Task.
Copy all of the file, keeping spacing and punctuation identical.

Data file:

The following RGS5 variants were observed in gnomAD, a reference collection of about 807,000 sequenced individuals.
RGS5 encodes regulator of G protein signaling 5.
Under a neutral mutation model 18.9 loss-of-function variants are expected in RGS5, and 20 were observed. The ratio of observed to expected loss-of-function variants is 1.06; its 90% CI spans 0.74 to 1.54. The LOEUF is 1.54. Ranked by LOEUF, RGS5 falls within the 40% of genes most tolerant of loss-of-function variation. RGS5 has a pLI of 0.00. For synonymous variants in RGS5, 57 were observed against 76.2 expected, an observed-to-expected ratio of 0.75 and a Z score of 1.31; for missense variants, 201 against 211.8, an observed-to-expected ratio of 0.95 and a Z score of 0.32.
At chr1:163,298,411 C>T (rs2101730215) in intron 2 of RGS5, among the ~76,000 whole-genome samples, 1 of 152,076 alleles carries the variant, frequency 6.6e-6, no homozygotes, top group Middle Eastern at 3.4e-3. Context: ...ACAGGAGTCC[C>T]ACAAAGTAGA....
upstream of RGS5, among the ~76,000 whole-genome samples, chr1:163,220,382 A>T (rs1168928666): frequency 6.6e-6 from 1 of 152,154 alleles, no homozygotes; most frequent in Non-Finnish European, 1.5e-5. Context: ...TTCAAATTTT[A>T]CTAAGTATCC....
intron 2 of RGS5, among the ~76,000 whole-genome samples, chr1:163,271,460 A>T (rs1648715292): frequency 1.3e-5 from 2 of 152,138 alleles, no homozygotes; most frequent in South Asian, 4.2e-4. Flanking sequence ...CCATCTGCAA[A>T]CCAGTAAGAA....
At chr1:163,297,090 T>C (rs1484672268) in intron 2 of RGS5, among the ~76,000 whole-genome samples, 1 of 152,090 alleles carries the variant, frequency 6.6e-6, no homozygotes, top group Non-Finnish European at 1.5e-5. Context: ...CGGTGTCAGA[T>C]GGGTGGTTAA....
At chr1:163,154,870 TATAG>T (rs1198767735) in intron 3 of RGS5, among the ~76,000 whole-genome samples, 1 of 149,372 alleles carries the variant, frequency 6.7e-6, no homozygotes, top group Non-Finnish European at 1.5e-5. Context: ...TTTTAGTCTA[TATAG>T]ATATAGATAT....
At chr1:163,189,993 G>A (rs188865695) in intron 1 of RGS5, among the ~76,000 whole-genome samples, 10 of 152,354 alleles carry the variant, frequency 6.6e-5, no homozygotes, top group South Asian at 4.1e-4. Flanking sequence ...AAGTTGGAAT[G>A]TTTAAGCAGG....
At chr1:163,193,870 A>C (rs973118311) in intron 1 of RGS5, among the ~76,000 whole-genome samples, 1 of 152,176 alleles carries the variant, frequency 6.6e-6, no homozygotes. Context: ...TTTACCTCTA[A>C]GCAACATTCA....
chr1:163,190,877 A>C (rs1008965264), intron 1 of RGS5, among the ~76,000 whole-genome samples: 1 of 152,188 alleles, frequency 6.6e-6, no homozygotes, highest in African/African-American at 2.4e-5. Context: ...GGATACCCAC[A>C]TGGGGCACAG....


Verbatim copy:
The following RGS5 variants were observed in gnomAD, a reference collection of about 807,000 sequenced individuals.
RGS5 encodes regulator of G protein signaling 5.
Under a neutral mutation model 18.9 loss-of-function variants are expected in RGS5, and 20 were observed. The ratio of observed to expected loss-of-function variants is 1.06; its 90% CI spans 0.74 to 1.54. The LOEUF is 1.54. Ranked by LOEUF, RGS5 falls within the 40% of genes most tolerant of loss-of-function variation. RGS5 has a pLI of 0.00. For synonymous variants in RGS5, 57 were observed against 76.2 expected, an observed-to-expected ratio of 0.75 and a Z score of 1.31; for missense variants, 201 against 211.8, an observed-to-expected ratio of 0.95 and a Z score of 0.32.
At chr1:163,298,411 C>T (rs2101730215) in intron 2 of RGS5, among the ~76,000 whole-genome samples, 1 of 152,076 alleles carries the variant, frequency 6.6e-6, no homozygotes, top group Middle Eastern at 3.4e-3. Context: ...ACAGGAGTCC[C>T]ACAAAGTAGA....
upstream of RGS5, among the ~76,000 whole-genome samples, chr1:163,220,382 A>T (rs1168928666): frequency 6.6e-6 from 1 of 152,154 alleles, no homozygotes; most frequent in Non-Finnish European, 1.5e-5. Context: ...TTCAAATTTT[A>T]CTAAGTATCC....
intron 2 of RGS5, among the ~76,000 whole-genome samples, chr1:163,271,460 A>T (rs1648715292): frequency 1.3e-5 from 2 of 152,138 alleles, no homozygotes; most frequent in South Asian, 4.2e-4. Flanking sequence ...CCATCTGCAA[A>T]CCAGTAAGAA....
At chr1:163,297,090 T>C (rs1484672268) in intron 2 of RGS5, among the ~76,000 whole-genome samples, 1 of 152,090 alleles carries the variant, frequency 6.6e-6, no homozygotes, top group Non-Finnish European at 1.5e-5. Context: ...CGGTGTCAGA[T>C]GGGTGGTTAA....
At chr1:163,154,870 TATAG>T (rs1198767735) in intron 3 of RGS5, among the ~76,000 whole-genome samples, 1 of 149,372 alleles carries the variant, frequency 6.7e-6, no homozygotes, top group Non-Finnish European at 1.5e-5. Context: ...TTTTAGTCTA[TATAG>T]ATATAGATAT....
At chr1:163,189,993 G>A (rs188865695) in intron 1 of RGS5, among the ~76,000 whole-genome samples, 10 of 152,354 alleles carry the variant, frequency 6.6e-5, no homozygotes, top group South Asian at 4.1e-4. Flanking sequence ...AAGTTGGAAT[G>A]TTTAAGCAGG....
At chr1:163,193,870 A>C (rs973118311) in intron 1 of RGS5, among the ~76,000 whole-genome samples, 1 of 152,176 alleles carries the variant, frequency 6.6e-6, no homozygotes. Context: ...TTTACCTCTA[A>C]GCAACATTCA....
chr1:163,190,877 A>C (rs1008965264), intron 1 of RGS5, among the ~76,000 whole-genome samples: 1 of 152,188 alleles, frequency 6.6e-6, no homozygotes, highest in African/African-American at 2.4e-5. Context: ...GGATACCCAC[A>C]TGGGGCACAG....